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I'm trying to get a better intuitive understand of this formula:

$$e = (\overrightarrow {u}\times \overrightarrow {B}) \cdot \overrightarrow {l} $$

$(\overrightarrow {u}\times \overrightarrow {B})$ will give a vector that's perpendicular to the two. Do I use the right-hand rule, where the thumb is in the direction of the velocity and the four fingers are in the direction of the magnetic field? Give me a perpendicular vector out of my palm?

Where:

$e$ is the induced voltage, $l$ is the length of the conductor, $u$ is the velocity, and $B$ is the magnetic flux density.

This formula is also known as "generator action" (electromechanical circuits)

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  • $\begingroup$ I can't follow your description of the right hand rule. Try this: extend your forefinger and thumb to make a right angle, then stick out your middle finger perpendicular to the two others. Point fore-finger along $\vec{u}$, middle finger along $\vec{B}$. Then the thumb points along $\vec{u}\times \vec{B}$ $\endgroup$ – garyp Oct 1 '16 at 20:55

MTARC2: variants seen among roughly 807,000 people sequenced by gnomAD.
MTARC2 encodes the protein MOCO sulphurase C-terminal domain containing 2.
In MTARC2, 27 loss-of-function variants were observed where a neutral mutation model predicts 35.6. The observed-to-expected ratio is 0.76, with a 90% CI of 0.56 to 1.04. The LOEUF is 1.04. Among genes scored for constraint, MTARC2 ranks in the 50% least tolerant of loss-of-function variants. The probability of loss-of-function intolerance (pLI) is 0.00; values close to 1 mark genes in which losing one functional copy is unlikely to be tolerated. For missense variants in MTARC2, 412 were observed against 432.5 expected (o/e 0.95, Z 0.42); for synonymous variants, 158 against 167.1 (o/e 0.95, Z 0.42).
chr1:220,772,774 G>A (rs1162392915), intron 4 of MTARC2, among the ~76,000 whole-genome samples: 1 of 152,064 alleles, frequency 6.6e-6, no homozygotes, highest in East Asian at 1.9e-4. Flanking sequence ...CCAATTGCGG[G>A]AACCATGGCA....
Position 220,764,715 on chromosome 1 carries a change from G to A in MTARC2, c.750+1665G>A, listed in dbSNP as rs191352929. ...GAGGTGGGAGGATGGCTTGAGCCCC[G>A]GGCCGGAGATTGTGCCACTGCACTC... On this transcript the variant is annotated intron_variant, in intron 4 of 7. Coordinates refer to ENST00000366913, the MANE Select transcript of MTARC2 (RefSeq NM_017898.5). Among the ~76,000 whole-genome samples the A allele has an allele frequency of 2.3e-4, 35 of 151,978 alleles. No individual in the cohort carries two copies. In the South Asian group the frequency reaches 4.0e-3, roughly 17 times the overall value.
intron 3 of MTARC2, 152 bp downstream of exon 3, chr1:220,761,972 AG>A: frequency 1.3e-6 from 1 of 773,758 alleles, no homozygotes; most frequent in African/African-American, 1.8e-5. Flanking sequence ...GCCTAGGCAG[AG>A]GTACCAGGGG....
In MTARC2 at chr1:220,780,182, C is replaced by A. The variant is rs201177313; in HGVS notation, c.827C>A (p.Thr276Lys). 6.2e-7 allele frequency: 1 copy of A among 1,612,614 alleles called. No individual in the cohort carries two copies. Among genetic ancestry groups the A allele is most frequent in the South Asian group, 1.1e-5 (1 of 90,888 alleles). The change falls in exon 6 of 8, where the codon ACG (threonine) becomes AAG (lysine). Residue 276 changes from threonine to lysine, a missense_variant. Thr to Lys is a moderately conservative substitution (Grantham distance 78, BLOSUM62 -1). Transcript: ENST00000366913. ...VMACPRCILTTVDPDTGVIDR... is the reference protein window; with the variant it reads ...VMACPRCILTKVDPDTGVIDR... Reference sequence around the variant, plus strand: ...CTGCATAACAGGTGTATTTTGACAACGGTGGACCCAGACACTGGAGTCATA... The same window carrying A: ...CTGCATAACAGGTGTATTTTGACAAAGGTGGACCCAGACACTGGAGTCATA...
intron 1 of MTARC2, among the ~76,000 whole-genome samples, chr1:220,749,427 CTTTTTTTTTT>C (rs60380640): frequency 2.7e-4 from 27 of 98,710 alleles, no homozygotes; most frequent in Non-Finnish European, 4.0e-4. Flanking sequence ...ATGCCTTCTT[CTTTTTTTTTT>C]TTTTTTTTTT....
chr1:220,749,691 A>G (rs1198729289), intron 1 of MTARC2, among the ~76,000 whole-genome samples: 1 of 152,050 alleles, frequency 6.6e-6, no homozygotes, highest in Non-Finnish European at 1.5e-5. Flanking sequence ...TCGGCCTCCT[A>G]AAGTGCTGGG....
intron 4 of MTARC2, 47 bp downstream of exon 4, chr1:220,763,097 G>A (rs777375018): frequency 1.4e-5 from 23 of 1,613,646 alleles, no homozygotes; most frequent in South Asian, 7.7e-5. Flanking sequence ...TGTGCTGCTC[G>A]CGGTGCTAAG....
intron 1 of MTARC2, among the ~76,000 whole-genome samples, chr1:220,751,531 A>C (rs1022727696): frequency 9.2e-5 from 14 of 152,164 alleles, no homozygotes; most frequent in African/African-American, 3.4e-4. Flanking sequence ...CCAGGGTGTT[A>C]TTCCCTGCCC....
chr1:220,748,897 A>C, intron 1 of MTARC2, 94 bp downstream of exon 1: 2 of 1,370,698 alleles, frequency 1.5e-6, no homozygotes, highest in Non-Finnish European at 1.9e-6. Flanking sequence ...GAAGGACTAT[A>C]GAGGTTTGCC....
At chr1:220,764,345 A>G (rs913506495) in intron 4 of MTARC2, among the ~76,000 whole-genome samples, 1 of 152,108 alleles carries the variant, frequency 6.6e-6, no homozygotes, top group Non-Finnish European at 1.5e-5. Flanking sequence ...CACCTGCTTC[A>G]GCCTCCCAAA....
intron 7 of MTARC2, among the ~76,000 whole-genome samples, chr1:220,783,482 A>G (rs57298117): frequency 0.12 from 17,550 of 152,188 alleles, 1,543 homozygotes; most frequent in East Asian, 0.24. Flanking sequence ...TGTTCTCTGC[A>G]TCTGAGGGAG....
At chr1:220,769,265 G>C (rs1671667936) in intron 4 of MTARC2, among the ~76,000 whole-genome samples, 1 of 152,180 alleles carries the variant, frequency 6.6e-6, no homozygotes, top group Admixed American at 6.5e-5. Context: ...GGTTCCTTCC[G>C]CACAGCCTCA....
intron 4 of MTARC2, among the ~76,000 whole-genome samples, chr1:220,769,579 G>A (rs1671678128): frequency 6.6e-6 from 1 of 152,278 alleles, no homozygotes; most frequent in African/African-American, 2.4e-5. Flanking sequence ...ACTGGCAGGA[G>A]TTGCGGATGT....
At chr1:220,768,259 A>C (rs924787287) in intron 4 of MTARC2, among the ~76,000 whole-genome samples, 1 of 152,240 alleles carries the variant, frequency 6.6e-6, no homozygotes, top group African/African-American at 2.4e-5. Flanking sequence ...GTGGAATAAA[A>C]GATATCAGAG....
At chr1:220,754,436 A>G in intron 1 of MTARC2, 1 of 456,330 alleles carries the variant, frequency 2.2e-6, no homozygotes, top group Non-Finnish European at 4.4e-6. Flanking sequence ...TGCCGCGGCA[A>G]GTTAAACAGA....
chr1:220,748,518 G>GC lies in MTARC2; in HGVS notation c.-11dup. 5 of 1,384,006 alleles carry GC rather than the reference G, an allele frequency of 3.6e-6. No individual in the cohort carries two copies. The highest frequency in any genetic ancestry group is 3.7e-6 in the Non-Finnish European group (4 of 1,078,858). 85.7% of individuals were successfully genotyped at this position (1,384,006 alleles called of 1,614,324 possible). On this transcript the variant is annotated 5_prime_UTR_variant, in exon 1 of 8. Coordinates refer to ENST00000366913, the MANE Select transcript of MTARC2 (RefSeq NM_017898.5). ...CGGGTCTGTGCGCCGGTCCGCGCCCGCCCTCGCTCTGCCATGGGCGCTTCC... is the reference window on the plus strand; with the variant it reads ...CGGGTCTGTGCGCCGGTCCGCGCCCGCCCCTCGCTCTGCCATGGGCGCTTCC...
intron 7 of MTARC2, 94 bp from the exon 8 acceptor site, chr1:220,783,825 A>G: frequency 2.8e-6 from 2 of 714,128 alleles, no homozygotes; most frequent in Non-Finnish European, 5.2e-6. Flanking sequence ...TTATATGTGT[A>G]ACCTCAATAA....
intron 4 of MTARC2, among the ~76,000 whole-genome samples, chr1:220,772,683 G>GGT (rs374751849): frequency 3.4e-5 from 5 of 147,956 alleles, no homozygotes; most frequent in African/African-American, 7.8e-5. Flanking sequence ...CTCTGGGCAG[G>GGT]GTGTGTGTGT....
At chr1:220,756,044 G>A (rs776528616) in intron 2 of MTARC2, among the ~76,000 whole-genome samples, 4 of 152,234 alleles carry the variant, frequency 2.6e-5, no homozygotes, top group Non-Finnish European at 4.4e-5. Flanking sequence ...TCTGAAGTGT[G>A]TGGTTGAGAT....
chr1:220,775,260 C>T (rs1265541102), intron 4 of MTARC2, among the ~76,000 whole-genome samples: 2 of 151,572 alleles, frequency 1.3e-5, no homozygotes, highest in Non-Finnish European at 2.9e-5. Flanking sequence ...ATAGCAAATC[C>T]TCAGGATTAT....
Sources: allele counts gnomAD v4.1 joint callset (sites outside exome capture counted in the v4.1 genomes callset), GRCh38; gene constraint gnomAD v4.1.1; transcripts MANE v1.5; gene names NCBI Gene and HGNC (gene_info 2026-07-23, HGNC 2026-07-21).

• $\begingroup$ Lol that's hard. Mine is this: Thumb in the direction of u. And stick your four fingers out and face in the direction of B. Makes a right angle between the thumb and four fingers. Then the force would be coming out of your palm. $\endgroup$ – user367640 Oct 1 '16 at 21:07
  • $\begingroup$ Lol. Huh? :) Easy is in the eye of the beholder, I guess. $\endgroup$ – garyp Oct 1 '16 at 23:14
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This formula derives from the Lorentz force formula. $\vec{u}\times \vec{B}$ is a cross product of the vectors which is also a vector. You get the direction of this vector by putting both vectors at the same origin and turning the tip of the first to the direction of the second vector. The direction of a right winding screw is moved is the direction of the product vector. The induced emf is proportional to lenghth l.

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  • $\begingroup$ I thought the lorentz was this: $f = (\overrightarrow {u}\times \overrightarrow {B}) q $, I understand how the lorentz force works. But for the generator action I dont understand the dot product of the length of the conductor. $\endgroup$ – user367640 Oct 1 '16 at 20:58
  • $\begingroup$ The dot product with the length vector means that only the Lorentz force component in the direction of the length of the wire (projection) contributes to the emf e. $\endgroup$ – freecharly Oct 1 '16 at 21:08

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